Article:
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Does Your State’s Individual Income Tax Code Conform with the Federal Tax Code?

As the federal government continues to debate tax reform, many are asking an important question: How is my state’s tax code impacted?

The key to understanding how federal tax reform would impact your state's tax code and revenue is conformity.

States frequently seek to conform many elements of their tax codes to the Internal Revenue Code (IRC) to reduce compliance costs.

Currently, 18 states conform to the IRC on a static basis, meaning on a specific date, and 20 states conform on a rolling basis, meaning they adopt IRC changes as they occur.

 

Click the map above to see whether and how your state conforms.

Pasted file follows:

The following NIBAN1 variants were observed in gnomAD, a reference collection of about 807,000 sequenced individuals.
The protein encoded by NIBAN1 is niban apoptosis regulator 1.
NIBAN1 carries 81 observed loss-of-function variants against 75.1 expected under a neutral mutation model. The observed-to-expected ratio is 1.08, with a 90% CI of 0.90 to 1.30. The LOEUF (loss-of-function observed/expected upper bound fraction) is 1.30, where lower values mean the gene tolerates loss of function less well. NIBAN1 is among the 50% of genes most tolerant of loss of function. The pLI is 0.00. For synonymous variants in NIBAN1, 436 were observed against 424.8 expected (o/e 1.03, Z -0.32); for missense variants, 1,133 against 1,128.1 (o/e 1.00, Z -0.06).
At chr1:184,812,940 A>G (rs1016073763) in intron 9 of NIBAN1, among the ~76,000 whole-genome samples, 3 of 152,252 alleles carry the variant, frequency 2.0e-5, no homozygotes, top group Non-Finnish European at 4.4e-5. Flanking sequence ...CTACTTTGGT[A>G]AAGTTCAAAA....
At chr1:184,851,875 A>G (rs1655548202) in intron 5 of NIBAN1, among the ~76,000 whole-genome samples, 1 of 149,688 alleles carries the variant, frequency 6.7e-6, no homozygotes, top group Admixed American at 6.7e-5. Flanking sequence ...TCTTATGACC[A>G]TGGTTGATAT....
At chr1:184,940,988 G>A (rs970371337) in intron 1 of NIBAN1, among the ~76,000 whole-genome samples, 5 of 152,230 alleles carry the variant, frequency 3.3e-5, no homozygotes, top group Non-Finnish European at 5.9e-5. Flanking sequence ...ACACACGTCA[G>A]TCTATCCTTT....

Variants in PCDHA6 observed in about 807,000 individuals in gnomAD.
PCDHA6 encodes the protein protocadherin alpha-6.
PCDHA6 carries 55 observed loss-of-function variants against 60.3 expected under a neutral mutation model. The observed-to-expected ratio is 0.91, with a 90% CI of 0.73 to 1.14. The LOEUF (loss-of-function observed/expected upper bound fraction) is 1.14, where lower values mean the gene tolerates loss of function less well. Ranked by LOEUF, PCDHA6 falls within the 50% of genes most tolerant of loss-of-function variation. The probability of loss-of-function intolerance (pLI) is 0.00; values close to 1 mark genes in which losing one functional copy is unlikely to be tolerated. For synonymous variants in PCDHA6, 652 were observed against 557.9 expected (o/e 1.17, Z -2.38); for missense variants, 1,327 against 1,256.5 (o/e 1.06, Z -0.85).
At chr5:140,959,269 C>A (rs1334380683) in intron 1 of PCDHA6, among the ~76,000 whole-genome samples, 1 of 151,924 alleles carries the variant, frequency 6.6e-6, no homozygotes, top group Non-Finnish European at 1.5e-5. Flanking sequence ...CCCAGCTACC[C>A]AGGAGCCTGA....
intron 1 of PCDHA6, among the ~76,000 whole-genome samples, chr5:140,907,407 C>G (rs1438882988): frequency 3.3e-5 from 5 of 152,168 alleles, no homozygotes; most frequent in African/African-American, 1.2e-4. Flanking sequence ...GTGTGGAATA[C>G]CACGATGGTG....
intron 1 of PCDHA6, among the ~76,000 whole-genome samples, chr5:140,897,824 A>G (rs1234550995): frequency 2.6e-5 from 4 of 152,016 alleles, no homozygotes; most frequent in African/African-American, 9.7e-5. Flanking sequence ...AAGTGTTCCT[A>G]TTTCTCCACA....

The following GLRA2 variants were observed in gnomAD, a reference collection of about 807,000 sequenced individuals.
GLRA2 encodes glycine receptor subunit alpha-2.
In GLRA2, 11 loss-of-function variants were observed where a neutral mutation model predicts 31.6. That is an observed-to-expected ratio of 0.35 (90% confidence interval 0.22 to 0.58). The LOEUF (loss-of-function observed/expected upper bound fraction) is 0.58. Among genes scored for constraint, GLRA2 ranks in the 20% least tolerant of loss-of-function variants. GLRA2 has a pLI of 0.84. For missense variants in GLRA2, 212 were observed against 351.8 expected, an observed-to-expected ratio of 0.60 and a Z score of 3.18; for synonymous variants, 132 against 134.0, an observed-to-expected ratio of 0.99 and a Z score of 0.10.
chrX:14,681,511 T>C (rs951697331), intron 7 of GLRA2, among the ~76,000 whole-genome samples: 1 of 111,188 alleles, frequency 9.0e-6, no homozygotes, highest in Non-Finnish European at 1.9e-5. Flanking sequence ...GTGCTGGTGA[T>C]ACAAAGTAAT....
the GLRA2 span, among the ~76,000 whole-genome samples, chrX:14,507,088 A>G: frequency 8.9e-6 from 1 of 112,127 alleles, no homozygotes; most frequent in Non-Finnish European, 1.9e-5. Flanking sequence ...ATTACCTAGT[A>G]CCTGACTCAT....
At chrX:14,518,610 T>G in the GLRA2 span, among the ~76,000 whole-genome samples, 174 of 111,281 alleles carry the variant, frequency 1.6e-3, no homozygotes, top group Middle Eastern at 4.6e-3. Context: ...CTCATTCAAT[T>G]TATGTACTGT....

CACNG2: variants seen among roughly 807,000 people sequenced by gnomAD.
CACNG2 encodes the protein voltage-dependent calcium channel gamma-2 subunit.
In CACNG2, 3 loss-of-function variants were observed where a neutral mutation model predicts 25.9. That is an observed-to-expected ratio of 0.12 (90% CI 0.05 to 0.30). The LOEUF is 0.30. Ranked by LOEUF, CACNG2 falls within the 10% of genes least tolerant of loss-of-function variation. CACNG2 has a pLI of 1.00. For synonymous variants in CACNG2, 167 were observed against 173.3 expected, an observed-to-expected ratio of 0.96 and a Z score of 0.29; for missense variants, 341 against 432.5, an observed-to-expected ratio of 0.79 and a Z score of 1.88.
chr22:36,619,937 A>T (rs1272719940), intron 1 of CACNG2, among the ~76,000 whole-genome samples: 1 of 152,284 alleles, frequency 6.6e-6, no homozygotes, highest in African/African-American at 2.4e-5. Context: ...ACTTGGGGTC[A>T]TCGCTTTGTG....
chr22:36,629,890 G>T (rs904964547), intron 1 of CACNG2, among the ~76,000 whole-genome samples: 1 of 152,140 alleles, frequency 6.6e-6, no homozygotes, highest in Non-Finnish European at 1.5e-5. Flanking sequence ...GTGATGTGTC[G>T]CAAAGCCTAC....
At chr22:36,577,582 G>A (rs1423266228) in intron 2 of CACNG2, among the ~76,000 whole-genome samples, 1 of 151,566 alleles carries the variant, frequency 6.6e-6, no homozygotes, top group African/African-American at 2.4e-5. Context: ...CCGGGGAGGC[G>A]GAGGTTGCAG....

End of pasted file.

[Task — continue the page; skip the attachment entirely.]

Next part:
The first large area of conformity is federal definitions of individual income. Twenty-seven states begin with federal adjusted gross income (AGI) as their income tax base, six states use federal taxable income, and three states use federal gross income.

What does this mean in the context of federal tax reform? How states define their tax bases matters a great deal for potential revenue impacts.

Take, for instance, a state that uses federal taxable income or AGI as its starting point. It would likely see an increase in revenue under the House and the Senate tax plans

Due to the elimination of deductions under both plans, the federal tax base would become broader. Absent state-level changes, states would also have a larger tax base without correspondingly lower rates, leading to more revenue.